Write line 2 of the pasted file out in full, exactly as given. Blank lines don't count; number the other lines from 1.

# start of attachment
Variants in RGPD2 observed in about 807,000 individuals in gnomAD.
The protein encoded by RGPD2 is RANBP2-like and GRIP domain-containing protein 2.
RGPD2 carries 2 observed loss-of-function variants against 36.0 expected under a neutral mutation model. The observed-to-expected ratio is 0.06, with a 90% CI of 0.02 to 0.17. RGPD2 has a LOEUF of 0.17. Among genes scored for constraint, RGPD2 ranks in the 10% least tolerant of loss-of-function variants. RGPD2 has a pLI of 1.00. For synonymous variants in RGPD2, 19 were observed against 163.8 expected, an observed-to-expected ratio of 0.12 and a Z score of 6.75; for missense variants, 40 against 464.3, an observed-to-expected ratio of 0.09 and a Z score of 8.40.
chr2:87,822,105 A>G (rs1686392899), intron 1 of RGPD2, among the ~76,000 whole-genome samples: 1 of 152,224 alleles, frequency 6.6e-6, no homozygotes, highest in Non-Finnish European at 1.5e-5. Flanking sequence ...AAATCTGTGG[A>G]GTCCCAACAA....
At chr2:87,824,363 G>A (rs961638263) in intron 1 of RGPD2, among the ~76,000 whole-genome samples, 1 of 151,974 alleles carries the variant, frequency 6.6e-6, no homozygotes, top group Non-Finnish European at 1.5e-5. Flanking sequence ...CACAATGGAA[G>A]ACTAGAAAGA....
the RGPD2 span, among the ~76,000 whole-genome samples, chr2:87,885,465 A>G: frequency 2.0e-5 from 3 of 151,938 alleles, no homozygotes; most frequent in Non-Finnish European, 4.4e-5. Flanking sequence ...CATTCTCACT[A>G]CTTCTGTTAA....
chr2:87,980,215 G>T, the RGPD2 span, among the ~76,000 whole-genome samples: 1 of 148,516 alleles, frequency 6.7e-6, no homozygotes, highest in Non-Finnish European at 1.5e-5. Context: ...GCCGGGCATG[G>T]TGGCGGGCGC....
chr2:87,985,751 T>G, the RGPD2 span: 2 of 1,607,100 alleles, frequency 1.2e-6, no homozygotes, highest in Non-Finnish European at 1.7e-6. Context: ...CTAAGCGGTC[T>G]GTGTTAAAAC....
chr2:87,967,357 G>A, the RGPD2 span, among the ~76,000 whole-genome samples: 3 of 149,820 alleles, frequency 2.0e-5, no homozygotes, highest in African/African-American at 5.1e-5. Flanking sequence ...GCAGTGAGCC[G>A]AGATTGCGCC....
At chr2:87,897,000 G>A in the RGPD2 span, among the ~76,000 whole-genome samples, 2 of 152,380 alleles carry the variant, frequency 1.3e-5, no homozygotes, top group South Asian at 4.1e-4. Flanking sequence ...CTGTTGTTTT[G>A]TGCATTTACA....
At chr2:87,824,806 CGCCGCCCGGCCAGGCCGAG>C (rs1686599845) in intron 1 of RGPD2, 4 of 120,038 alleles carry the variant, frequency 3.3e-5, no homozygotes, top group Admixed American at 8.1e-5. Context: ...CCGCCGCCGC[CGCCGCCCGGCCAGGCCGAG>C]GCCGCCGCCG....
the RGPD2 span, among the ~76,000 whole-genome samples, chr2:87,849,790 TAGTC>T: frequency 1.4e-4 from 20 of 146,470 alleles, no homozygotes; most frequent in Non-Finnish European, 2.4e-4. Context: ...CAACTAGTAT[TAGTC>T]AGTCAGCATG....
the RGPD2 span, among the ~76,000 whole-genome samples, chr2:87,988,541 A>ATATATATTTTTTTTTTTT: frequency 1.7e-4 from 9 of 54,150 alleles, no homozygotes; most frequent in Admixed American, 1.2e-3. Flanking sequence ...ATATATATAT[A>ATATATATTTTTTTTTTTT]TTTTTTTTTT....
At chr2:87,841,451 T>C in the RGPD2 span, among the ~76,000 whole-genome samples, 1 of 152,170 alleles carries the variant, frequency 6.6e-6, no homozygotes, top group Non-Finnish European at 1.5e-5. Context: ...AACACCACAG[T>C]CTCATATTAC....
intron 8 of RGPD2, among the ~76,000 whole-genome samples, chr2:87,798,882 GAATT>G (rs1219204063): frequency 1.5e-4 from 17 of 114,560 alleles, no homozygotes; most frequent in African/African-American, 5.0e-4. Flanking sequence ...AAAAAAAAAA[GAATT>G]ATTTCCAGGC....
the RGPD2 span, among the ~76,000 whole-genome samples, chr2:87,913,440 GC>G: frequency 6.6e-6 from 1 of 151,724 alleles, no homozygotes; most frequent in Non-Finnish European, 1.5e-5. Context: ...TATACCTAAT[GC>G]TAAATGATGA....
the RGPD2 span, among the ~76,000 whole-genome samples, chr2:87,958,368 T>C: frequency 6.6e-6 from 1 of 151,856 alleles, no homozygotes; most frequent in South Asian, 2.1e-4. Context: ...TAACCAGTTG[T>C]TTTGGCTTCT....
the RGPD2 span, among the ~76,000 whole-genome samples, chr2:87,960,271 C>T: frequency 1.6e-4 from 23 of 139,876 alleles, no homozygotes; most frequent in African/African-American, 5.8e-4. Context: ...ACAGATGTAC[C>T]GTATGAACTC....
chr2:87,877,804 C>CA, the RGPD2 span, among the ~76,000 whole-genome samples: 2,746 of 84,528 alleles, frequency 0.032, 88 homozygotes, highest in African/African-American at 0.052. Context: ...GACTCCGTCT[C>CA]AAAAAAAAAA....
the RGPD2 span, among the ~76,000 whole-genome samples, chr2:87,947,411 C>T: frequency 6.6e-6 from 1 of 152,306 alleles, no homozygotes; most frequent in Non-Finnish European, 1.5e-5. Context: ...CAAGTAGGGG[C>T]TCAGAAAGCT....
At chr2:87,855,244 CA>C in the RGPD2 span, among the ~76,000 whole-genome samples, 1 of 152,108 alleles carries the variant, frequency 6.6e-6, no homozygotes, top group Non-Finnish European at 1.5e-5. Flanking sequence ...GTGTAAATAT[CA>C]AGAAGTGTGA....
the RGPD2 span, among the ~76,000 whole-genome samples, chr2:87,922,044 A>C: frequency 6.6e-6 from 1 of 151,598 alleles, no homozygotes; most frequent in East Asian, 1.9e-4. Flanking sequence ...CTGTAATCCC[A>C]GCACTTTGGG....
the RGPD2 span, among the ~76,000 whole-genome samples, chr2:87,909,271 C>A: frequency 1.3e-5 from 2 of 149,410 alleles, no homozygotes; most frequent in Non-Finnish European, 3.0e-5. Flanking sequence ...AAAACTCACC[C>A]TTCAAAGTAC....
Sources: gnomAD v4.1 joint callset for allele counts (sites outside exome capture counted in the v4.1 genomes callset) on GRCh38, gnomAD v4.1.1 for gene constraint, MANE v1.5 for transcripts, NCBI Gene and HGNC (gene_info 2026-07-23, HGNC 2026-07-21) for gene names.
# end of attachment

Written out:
The protein encoded by RGPD2 is RANBP2-like and GRIP domain-containing protein 2.